I'm Louis Stein, and I enjoy teaching on English as a Second Language.
Selection of my teaching materials (answers to student language learners):
- Analysis of meaning in James Thurber's The Catbird Seat.
- Set Theory used to explain friendship, including a note on psychology of persuasion.
- Cognitive Blindness due to fast (unconscious/skillful) parsing of linguistic ambiguity of anaphora.
Philosophy: I believe in life-long education such as that gained through the research I perform to give great answers on Stack Exchange.
Primary Interests: Cognitive psychology, linguistics, personal and cultural identity, theory of humor, and Education. Other Interests: Ballroom Dancing, Autism and Savant Syndrome (esp Absolute Pitch, which I have no sense of), Philosophy, Theory and History of Math, Theory and History of Science, Writing, Humor, Music, Piano, Singing (esp. Solfege), Education, ADHD, and Psychology.
Philosophy on Dealing with Negativity: Practice for Fame and Fortune by Ignoring Negativity!
Think of negativity as a great, fun opportunity to ready yourself for a life of fame. Famous people have to ignore vast amounts of negativity about them. If they didn't, they would forever be wasting their time apologizing, defending theirselves, or crying foul to people in charge.
Do you find yourself getting worked up over one little comment? Think about it this way: Even if they wanted to, a famous person couldn't read all the bad things about them. They would have to hire an entire, full-time staff of a hundred people to read, get upset, and respond to all the stuff written about them. Start practicing now so when you get famous, you don't have to hire a hundred people to get upset for you.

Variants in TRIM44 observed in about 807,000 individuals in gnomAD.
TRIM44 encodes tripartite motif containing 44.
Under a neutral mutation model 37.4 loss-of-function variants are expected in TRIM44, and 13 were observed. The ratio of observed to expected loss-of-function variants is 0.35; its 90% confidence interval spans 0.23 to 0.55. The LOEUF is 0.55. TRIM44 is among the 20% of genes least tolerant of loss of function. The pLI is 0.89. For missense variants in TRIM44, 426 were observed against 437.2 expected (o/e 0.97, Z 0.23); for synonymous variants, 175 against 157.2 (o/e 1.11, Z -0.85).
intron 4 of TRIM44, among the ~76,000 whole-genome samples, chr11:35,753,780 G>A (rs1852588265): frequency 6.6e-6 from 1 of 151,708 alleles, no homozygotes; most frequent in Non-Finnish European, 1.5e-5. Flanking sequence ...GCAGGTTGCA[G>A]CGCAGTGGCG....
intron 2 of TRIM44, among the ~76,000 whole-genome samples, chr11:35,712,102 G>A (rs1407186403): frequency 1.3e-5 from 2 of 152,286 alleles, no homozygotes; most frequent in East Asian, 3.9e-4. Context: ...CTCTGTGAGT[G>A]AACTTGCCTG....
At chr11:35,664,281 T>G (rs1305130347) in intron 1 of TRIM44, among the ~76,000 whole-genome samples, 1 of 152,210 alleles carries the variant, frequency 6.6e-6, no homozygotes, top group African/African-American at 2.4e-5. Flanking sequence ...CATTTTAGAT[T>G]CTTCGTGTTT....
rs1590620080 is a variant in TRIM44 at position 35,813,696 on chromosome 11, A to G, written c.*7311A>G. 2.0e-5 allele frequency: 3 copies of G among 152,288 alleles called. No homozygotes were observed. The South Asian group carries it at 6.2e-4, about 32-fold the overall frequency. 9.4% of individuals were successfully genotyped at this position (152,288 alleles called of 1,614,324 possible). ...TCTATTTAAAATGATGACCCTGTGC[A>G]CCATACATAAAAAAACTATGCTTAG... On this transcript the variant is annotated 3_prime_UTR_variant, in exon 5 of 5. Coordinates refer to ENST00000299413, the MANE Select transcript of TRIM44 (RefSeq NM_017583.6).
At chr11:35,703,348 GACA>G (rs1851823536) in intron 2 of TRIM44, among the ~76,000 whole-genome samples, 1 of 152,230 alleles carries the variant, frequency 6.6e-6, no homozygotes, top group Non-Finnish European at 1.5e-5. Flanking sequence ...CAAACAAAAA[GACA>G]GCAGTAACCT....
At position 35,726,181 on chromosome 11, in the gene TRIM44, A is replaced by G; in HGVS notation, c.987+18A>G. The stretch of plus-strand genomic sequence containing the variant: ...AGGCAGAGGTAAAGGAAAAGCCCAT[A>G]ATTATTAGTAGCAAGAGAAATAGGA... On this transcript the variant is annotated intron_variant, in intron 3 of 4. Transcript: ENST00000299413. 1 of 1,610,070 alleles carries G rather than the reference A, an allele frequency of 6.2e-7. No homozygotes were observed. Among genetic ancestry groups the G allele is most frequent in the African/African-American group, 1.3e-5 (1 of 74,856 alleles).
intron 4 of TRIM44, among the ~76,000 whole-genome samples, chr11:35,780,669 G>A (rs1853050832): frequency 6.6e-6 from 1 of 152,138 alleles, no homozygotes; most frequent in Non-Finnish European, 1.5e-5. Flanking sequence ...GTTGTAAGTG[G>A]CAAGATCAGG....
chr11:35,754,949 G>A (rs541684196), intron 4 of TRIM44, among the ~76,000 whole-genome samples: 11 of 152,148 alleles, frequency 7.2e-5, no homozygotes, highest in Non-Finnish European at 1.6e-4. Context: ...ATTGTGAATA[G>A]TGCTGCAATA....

The key is really to think of negativity as just "part of the game". Like Tetris, The Legend of Zelda, or PAC-MAN. You just step around it. Keep moving ahead. Don't look back at that thing you stepped around. Stop that. Stop lookihg back. Are you looking back? POW you lost the level because you were looking back. Did you learn? Stop looking back at "that thing" you stepped around.
Taught myself programming in 7th grade from my older brother's math book before I had a computer (1978). I would run the programs on paper to see what they would do. I learned to program for joy from then until the end of college.
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